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    Then you haven't answered the question OP asked. Plausible deniability doesn't decrypt the same data with different keys to get different results. It decrypts different data using different keys. So just because in one file you have two volumes doesn't make checking if the found key is correct any different, both volumes will have a highly organized data inside (the file system). It also doesn't change the way the brute-force (or dictionary) attack on the encryption is performed. Commented Aug 24, 2011 at 13:48

Your question appears twofold to me. First of all, a good encryption algorithm is indistinguishable from randomness. So, nobody will even distinguish your cipher text from random data. Furthermore a falsely decrypted cipher text will also look random. Thus, you will not be able to find the random data originally fed into the cipher with an exhaustive key search.

Secondly the point is that people usually don't feed random data into the cipher. Current encryption standards do not only cover the algorithm but also the data used. People usually pre- and suffix your data always with a certain padding and certain metadata (encryption schemes have a fixed lengh. you should somehow specify how long your text was). Knowing this standard bits will obviously make the decision between the right and the wrong key easier :) While padding serves mostly practical purposes, it may also enhance or even ensure security features (cf. chosen plain-text attack on textbook RSA).


If the file is unicode/ansi/etc, you can make some algorithm to parse something like the 200 first character of a file and see if there are more latin characters than other characters.

I remember I was quite annoyed when I tried the XOR brute force attack on some simple euler-project exercise, but it was easy and I just had to search for common english words.

I read somewhere that in encryption software, the implementation is very much important, sometimes more important than the alorithms. When I read that, I still wonder if one is talking about obvious subjects like pseudo random generators, or rather less obvious details like how to hide the format of the file you encrypt.

For example, if you encrypt a file, if it's a PNG file or GIF file, make sure to remove the magic number/string those file formats contains, and if it is a text file, don't use an ASCII table: use you own character table, for example just put all the latin character at 0, numbers at 245-255, and so on. you could also permutation, or rot13, or else.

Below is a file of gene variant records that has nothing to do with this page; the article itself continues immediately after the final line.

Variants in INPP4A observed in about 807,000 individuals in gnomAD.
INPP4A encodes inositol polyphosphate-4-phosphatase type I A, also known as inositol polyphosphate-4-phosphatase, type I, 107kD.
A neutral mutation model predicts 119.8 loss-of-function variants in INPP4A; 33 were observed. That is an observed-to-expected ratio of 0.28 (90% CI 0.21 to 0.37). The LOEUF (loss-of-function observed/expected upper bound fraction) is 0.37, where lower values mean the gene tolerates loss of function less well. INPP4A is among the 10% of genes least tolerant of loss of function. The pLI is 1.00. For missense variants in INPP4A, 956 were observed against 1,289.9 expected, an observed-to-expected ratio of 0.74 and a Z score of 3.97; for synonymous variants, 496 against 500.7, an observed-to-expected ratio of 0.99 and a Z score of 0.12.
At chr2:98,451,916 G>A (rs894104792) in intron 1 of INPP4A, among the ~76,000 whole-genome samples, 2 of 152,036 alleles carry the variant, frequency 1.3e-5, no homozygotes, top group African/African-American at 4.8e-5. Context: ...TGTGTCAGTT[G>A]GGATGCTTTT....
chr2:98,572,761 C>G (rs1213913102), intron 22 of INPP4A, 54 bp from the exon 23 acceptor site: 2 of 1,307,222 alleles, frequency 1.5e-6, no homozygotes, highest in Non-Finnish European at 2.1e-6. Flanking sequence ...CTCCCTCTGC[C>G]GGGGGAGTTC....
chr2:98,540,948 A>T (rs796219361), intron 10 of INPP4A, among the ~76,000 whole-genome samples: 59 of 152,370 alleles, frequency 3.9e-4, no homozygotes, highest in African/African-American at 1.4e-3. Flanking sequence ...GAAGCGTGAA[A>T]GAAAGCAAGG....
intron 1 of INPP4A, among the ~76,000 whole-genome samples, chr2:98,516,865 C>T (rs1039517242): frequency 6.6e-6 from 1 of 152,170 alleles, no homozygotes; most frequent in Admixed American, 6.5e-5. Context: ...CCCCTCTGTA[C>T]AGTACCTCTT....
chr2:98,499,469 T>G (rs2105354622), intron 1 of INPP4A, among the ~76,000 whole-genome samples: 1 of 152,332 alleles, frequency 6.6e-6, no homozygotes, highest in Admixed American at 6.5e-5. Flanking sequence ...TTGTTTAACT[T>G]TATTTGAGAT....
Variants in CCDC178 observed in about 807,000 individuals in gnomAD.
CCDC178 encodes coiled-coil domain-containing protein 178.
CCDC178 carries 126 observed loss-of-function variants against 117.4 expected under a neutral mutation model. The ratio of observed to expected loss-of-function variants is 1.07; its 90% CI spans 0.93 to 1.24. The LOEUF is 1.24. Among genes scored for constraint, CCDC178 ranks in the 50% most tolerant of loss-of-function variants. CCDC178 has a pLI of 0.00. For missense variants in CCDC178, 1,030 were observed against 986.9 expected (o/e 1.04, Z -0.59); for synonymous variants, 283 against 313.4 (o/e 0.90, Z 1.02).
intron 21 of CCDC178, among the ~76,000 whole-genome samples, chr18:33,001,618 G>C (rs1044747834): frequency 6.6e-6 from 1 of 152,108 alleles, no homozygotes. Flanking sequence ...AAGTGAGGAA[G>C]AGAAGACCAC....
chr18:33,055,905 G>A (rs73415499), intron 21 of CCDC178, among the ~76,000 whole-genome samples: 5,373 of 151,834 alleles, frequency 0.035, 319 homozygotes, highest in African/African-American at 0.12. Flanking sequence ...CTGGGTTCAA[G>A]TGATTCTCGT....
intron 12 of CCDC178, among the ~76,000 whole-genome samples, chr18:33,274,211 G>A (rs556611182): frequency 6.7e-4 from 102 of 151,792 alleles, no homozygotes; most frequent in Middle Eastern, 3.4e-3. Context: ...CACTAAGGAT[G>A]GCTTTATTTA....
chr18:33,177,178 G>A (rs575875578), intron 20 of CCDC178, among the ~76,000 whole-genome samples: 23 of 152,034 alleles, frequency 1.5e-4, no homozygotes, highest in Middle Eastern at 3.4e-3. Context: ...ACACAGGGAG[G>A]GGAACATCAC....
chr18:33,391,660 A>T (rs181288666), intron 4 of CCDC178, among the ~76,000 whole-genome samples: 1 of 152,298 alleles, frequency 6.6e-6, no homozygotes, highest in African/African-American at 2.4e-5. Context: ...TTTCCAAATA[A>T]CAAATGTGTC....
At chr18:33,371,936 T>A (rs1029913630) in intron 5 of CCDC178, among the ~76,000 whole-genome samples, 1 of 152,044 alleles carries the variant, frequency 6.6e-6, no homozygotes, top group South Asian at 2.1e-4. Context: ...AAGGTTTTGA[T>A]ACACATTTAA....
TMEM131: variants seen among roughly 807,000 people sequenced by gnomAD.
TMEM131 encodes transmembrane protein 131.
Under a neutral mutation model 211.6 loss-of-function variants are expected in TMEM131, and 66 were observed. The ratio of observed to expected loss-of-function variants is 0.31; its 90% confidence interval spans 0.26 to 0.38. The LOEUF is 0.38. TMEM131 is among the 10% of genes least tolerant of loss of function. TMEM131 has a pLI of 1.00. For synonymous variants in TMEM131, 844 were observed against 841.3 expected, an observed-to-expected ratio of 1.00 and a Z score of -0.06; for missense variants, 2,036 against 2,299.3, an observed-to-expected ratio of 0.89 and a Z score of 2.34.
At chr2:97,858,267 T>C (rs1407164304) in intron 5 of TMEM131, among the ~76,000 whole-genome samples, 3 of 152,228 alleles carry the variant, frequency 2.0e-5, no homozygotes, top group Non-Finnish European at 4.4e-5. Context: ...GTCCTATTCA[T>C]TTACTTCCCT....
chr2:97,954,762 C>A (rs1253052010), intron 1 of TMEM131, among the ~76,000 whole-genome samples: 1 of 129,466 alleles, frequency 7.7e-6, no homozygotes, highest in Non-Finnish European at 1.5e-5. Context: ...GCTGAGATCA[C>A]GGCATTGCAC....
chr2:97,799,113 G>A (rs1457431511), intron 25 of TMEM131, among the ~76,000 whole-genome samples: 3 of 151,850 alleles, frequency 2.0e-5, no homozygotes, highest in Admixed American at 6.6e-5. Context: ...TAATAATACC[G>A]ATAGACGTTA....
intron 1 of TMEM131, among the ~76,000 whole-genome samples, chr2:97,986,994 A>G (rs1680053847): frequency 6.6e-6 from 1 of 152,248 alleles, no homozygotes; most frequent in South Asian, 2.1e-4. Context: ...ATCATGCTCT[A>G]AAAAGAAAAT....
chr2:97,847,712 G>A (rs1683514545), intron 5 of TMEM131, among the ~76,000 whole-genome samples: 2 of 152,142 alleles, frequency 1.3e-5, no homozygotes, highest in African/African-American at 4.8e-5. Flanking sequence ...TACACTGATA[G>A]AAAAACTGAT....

Algorithms such as AES or Blowfish/TwoFish are "mathematically" secure, because it has been proven no attacks OTHER THAN BRUTEFORCE has been tested as efficient enough: you can only decipher the text by finding the actual key.

But those algorithms are only theorically efficient, you MUST implement them considering other practice factors such as file size, compression use, text encoding etc.

For example, know that it would be just plain stupid to store the filename in plain text next to your crypted file.

  • Actually, modern symmetric ciphers (in secure modes of operation) should let the rest of the document secret even if the start is a known header. (This is known as a known-plaintext attack.) Commented Aug 23, 2011 at 13:02
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    Security of ciphers lies in the fact that no one (as in many people) have shown how to break them, the only algorithm that's mathematically secure is a one time pad. Commented Aug 23, 2011 at 13:48

Besides the theoretically ignorant approach by some "pros" in the field, there's a rather simple answer to your question: by comparing the "brute-force decryption results" with obvious stuff for categorization purposes.

Let me give you practical examples: text files will most probably contain "stop words" ( http://en.wikipedia.org/wiki/Stop_words ). Find more than one stop-word after decryption and you've most probably decoded some text successfully.

Media files like images and most other filetypes (audio, video, etc.) all have specific headers, making identification of the kind of data rather easy. Think you've decrypted a jpeg because you detected a look-alike header? Check the file format. Looks like it's correct? Then you've most probably successfully decrypted a jpeg media file.

I could provide books of examples... but I be you know what I mean by now, don't you? ;)

The rest is up to a little "human verification" so you know when to stop brute-forcing whatever you're trying to decrypt.

Is it practical? No. But it can be done when coded correctly and it does make the job easier. I've seen it in action several times; not only in a corporate environment.